Her love for nostalgic decor has opened the door for other ventures. She wrote a book called I Brake for Yard Sales to share her own shopping adventures and owns an antique shop at Hamptons Antique Galleries in Stamford, Connecticut, a destination must for designers. Spencer's now working as executive producer and host of HGTV’s Flea Market Flip, a show where contestants get $500 to score a flea market find they can buy, fix and flip for a profit.
Spencer first learned the ins and outs of thrift shop decorating from her mom, who would take her to yard sales and thrift shops on weekends.
"Through osmosis, I learned through her how to spot a diamond in the rough and how to transform it," Spencer told us. "I also learned that you don't need to have a lot of money to have great style."
After years of hunting down the best deals and steals, Spencer has picked up a trick or two when it comes to antique decorating. Check out her tips for working the antique scene.
Determine what your style is. Are you midcentury modern or French provincial? "Follow your heart, because it won't be a bargain or a great find if you don't use it," Lara advised. She suggested combing through design magazines and ripping out photos that appeal to you to help pinpoint common themes you're attracted to.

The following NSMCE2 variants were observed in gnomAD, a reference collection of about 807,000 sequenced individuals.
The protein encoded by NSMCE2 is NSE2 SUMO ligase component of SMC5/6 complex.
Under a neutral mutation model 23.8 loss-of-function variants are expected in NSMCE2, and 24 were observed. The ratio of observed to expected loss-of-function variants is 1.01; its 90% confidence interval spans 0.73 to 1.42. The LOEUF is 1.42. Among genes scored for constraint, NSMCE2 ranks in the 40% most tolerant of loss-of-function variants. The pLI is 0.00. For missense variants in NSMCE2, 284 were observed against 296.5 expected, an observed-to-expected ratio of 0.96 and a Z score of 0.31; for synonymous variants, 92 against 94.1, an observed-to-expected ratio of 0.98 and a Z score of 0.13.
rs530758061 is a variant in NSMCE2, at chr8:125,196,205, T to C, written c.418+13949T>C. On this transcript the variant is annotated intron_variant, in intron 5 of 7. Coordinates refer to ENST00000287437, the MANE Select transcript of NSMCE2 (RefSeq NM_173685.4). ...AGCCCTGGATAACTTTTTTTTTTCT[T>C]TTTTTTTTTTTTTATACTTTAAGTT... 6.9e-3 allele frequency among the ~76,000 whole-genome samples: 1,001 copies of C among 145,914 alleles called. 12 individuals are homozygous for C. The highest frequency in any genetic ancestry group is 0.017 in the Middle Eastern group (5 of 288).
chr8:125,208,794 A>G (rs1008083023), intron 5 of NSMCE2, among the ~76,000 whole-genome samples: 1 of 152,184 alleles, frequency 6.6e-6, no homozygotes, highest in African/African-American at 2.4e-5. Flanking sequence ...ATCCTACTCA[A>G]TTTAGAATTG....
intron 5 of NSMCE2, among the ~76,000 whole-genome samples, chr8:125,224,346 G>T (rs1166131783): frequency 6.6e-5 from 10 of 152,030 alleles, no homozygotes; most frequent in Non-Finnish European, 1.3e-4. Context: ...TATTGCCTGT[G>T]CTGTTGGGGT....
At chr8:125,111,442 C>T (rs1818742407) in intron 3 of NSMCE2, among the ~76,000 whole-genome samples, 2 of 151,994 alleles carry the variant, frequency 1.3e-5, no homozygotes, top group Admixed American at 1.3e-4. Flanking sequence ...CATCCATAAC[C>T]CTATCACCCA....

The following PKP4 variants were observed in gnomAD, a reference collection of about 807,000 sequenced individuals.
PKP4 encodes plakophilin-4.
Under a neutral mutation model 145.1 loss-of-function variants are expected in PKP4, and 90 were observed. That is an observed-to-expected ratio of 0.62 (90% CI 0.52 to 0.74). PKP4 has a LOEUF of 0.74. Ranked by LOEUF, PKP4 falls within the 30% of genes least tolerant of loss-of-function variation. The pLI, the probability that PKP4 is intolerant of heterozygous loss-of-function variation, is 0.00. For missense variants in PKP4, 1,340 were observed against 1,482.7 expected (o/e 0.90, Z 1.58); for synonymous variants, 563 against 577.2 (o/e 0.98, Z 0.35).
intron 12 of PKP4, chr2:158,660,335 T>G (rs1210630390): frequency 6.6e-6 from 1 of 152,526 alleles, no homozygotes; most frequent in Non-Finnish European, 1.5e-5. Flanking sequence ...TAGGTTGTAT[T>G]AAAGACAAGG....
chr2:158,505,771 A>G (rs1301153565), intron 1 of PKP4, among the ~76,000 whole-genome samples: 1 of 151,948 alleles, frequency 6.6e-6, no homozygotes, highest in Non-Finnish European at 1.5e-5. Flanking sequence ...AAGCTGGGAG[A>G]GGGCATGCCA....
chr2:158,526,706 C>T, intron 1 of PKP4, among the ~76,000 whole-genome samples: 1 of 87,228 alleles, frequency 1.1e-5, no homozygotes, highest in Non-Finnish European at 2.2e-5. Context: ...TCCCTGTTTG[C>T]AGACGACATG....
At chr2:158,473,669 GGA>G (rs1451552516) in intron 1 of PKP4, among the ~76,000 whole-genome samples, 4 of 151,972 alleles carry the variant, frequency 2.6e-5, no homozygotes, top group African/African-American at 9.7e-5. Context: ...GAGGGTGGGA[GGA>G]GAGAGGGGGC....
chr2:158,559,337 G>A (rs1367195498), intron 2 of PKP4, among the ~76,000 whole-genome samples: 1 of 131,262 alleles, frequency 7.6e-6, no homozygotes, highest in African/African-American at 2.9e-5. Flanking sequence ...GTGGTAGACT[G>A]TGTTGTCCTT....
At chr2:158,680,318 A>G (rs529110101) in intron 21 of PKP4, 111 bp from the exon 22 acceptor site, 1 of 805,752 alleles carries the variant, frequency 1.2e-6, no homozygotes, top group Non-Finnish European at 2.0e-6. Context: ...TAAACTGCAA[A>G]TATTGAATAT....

Look for solid pieces. "Give them a shake. Make sure the table's legs aren't wobbly. Make sure there are no cracks and lines," she said. We love her analogy for why you should find the right piece. "It's sort of like it's a racehorse. If a table or a chair has a broken leg, it's never going to be the same."
Check for labels. Spencer says to turn a furniture piece over and look for labels or some indication of who made the furniture. "There are some wonderful midcentury designers like Kittinger and Baker [furniture companies], and if you see a label then you can rest assured that you're finding a great-quality piece of furniture."
What not to look for? Spencer said you shouldn't worry so much about details like finishes, paint jobs or fabrics, since those things can all be changed. You really want to just make sure a piece has good bones, good lines and a classic shape.